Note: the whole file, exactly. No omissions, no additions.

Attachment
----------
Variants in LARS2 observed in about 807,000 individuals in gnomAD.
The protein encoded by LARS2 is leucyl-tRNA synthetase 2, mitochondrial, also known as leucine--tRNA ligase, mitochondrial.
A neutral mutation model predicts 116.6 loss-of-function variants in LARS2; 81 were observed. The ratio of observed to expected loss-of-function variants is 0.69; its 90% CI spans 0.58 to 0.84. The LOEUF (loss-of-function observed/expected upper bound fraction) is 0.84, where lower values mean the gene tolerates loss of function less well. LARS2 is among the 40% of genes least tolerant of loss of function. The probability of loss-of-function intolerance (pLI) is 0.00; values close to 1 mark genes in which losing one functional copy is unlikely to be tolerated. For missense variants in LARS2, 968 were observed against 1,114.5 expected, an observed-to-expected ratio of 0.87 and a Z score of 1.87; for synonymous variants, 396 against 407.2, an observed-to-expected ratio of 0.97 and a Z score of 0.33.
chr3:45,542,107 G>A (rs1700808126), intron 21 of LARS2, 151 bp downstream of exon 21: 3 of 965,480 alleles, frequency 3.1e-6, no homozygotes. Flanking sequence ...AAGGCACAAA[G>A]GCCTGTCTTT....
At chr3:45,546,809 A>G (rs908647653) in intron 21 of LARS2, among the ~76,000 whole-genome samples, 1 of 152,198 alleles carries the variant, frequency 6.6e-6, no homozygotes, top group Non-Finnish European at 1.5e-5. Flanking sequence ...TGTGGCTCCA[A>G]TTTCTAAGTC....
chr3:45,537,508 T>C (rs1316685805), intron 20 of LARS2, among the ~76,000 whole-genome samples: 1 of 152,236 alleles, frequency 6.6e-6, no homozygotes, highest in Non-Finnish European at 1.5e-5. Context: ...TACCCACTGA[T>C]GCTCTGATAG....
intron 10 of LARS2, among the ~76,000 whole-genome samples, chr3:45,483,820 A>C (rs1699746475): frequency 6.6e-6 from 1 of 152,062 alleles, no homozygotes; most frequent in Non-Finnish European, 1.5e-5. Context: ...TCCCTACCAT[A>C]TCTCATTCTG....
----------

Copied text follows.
Variants in LARS2 observed in about 807,000 individuals in gnomAD.
The protein encoded by LARS2 is leucyl-tRNA synthetase 2, mitochondrial, also known as leucine--tRNA ligase, mitochondrial.
A neutral mutation model predicts 116.6 loss-of-function variants in LARS2; 81 were observed. The ratio of observed to expected loss-of-function variants is 0.69; its 90% CI spans 0.58 to 0.84. The LOEUF (loss-of-function observed/expected upper bound fraction) is 0.84, where lower values mean the gene tolerates loss of function less well. LARS2 is among the 40% of genes least tolerant of loss of function. The probability of loss-of-function intolerance (pLI) is 0.00; values close to 1 mark genes in which losing one functional copy is unlikely to be tolerated. For missense variants in LARS2, 968 were observed against 1,114.5 expected, an observed-to-expected ratio of 0.87 and a Z score of 1.87; for synonymous variants, 396 against 407.2, an observed-to-expected ratio of 0.97 and a Z score of 0.33.
chr3:45,542,107 G>A (rs1700808126), intron 21 of LARS2, 151 bp downstream of exon 21: 3 of 965,480 alleles, frequency 3.1e-6, no homozygotes. Flanking sequence ...AAGGCACAAA[G>A]GCCTGTCTTT....
At chr3:45,546,809 A>G (rs908647653) in intron 21 of LARS2, among the ~76,000 whole-genome samples, 1 of 152,198 alleles carries the variant, frequency 6.6e-6, no homozygotes, top group Non-Finnish European at 1.5e-5. Flanking sequence ...TGTGGCTCCA[A>G]TTTCTAAGTC....
chr3:45,537,508 T>C (rs1316685805), intron 20 of LARS2, among the ~76,000 whole-genome samples: 1 of 152,236 alleles, frequency 6.6e-6, no homozygotes, highest in Non-Finnish European at 1.5e-5. Context: ...TACCCACTGA[T>C]GCTCTGATAG....
intron 10 of LARS2, among the ~76,000 whole-genome samples, chr3:45,483,820 A>C (rs1699746475): frequency 6.6e-6 from 1 of 152,062 alleles, no homozygotes; most frequent in Non-Finnish European, 1.5e-5. Context: ...TCCCTACCAT[A>C]TCTCATTCTG....